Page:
Breakthrough: Anti-Cancer Mushroom Patent Received by Madras University Professor for Compound From Fungi
Mushroom (representational image Photo Credits: Pixabay)

In a breakthrough, a retired professor from Madras University has received a patent for extracting anti-cancer compounds from a wild mushroom variety found in Western Ghats of Tamil Nadu, India. The men behind the invention, retired Venkatesan Kaviyarasan and his PhD student J Manjunathan had applied for the patent in 2012 and after meticulous scrutiny. However, their efforts were paid off on the 11th of March this year, as per an interview with the New Indian Express. As per the reports, the mushroom variety from which the research team has isolated the anti-cancer compounds is Lentinus tuberregium, which is an edible variety valued for its high nutritional composition. However, the major limitation to its availability and utilisation is that it is seasonal in nature. What Makes Rare White Truffle World's Most Expensive Mushrooms?

"In the 1970s, a Japanese mushroom, Lentinus edodes, well known as Shitake mushroom, proved to exhibit anticancer activity and the same was later approved by the FDA of USA. In the year 2000, some of my associates were able to collect various Lentinus samples from the Kolli Hills of the Eastern Ghats and Kanyakumari forests of the Western Ghats," Kaviyarasan said in an exclusive interview with New Indian Express.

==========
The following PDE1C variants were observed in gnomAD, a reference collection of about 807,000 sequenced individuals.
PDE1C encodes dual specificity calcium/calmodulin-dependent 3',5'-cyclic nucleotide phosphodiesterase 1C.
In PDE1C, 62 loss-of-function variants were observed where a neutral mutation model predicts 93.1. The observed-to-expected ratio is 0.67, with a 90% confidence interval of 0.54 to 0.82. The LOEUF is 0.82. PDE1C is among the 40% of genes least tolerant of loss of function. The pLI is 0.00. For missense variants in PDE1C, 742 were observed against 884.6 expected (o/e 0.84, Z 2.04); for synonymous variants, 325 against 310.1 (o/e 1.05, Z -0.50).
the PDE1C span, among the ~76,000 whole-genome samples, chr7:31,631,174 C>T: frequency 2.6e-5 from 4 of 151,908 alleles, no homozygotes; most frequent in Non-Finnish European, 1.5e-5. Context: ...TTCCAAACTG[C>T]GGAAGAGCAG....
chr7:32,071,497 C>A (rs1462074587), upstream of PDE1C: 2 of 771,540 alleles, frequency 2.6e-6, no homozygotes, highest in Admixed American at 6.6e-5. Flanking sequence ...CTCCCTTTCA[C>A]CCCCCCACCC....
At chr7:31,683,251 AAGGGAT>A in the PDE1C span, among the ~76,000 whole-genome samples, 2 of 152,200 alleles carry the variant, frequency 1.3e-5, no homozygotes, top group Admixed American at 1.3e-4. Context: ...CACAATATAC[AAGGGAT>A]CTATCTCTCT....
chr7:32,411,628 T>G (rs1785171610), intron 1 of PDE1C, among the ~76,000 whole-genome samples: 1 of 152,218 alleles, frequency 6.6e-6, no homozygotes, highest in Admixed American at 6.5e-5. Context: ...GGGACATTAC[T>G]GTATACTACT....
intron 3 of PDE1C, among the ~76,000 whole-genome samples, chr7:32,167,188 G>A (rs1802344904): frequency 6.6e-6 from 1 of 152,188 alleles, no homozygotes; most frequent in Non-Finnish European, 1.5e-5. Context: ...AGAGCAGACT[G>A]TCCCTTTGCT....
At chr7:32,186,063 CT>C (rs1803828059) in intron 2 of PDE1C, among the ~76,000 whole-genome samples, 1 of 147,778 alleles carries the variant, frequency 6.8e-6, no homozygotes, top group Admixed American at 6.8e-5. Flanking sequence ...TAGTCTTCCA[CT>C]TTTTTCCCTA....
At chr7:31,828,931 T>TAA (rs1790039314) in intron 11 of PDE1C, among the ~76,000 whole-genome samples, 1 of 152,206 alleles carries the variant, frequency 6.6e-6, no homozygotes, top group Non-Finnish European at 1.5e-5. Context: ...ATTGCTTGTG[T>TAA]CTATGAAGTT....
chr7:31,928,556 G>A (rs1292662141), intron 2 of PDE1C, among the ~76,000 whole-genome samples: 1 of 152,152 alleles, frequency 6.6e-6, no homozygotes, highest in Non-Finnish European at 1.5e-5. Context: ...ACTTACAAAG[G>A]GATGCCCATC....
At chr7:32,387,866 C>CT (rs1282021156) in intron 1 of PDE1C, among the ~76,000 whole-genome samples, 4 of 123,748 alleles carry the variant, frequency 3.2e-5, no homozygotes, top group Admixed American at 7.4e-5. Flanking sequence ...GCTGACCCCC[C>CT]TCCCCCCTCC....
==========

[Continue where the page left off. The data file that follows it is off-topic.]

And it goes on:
He further explained, "Both nutritional and medicinal properties were documented. Of these, more than 8 bio-active compounds were identified and the anti-cancer properties of some of them were confirmed by studies against suitable anticancer cell lines. Of these, two compounds, namely LT1 and LT 2 extractable from an edible mushroom, lentinus tuberregium have been duly patented for the extraction protocols for the anti-cancer cell line of breast cancer."

Can button mushrooms help treat prostate cancer?

Mushrooms, in general, are rich in health benefits. Mushrooms nutritional value is unmatchable as they're not just low in calories but are great sources of fibre and protein (good for plant-based diets) as well. Nutrients such as vitamin B, selenium, potassium, copper, and vitamin D are packed in mushrooms.